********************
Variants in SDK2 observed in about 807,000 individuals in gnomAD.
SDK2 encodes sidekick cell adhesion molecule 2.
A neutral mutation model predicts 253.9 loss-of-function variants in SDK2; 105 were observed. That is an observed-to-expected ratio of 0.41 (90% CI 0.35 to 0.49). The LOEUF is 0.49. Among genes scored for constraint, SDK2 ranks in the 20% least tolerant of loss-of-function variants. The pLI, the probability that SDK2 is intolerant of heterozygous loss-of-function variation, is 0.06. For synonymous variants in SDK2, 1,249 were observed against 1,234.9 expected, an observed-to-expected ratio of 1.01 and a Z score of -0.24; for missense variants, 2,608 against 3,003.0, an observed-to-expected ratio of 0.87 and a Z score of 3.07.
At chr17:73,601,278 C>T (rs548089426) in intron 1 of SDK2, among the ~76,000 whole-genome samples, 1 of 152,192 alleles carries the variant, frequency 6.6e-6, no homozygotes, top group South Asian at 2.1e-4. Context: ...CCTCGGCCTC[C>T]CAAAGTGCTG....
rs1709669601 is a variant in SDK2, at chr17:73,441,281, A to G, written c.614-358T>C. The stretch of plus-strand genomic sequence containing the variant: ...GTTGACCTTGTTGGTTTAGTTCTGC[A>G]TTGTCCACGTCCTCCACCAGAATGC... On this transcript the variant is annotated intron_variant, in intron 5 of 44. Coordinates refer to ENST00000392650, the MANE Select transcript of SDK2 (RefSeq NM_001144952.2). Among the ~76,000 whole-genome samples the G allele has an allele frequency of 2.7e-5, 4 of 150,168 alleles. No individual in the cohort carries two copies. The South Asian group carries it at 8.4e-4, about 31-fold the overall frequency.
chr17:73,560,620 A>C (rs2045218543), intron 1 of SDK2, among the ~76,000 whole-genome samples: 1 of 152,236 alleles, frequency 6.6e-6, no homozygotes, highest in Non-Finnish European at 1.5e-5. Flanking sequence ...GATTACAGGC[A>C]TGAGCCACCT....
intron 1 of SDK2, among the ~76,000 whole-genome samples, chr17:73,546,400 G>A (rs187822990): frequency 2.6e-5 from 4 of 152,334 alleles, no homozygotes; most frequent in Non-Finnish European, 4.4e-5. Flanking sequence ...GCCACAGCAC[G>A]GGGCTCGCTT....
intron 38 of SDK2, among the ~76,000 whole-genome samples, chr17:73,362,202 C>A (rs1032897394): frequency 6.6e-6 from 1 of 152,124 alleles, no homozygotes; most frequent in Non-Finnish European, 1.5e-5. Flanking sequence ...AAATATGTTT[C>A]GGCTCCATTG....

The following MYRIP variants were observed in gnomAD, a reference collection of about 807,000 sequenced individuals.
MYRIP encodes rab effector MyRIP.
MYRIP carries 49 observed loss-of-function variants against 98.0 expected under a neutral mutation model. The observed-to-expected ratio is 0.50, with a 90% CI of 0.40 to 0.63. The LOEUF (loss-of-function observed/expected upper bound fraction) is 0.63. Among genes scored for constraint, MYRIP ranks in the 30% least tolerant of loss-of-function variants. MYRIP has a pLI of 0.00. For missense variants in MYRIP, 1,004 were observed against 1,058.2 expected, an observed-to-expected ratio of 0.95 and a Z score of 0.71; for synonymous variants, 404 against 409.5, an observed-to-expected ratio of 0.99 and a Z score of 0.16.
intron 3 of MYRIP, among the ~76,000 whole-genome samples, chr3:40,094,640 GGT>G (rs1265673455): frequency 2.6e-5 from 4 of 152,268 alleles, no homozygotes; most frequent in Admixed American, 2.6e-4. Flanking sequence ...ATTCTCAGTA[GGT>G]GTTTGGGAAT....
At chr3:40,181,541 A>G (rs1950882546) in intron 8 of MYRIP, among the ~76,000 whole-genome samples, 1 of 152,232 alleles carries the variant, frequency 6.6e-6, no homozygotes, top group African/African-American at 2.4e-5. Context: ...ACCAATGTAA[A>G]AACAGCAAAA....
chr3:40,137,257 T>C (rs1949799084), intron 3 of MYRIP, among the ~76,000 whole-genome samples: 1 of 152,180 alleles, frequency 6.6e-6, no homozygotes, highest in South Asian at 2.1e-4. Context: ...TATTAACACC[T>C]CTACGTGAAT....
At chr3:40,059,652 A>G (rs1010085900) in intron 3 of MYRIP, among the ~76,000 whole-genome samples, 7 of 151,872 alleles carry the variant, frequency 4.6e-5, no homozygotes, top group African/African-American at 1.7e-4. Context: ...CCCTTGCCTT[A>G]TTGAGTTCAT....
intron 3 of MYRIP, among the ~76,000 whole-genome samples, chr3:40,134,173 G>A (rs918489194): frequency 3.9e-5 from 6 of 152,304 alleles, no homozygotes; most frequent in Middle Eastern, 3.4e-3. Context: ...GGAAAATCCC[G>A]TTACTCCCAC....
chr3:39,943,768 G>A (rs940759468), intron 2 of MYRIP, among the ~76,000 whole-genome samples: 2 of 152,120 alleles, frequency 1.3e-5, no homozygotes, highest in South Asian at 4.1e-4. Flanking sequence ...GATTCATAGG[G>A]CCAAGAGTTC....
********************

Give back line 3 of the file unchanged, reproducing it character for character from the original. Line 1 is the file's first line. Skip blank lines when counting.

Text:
A neutral mutation model predicts 253.9 loss-of-function variants in SDK2; 105 were observed. That is an observed-to-expected ratio of 0.41 (90% CI 0.35 to 0.49). The LOEUF is 0.49. Among genes scored for constraint, SDK2 ranks in the 20% least tolerant of loss-of-function variants. The pLI, the probability that SDK2 is intolerant of heterozygous loss-of-function variation, is 0.06. For synonymous variants in SDK2, 1,249 were observed against 1,234.9 expected, an observed-to-expected ratio of 1.01 and a Z score of -0.24; for missense variants, 2,608 against 3,003.0, an observed-to-expected ratio of 0.87 and a Z score of 3.07.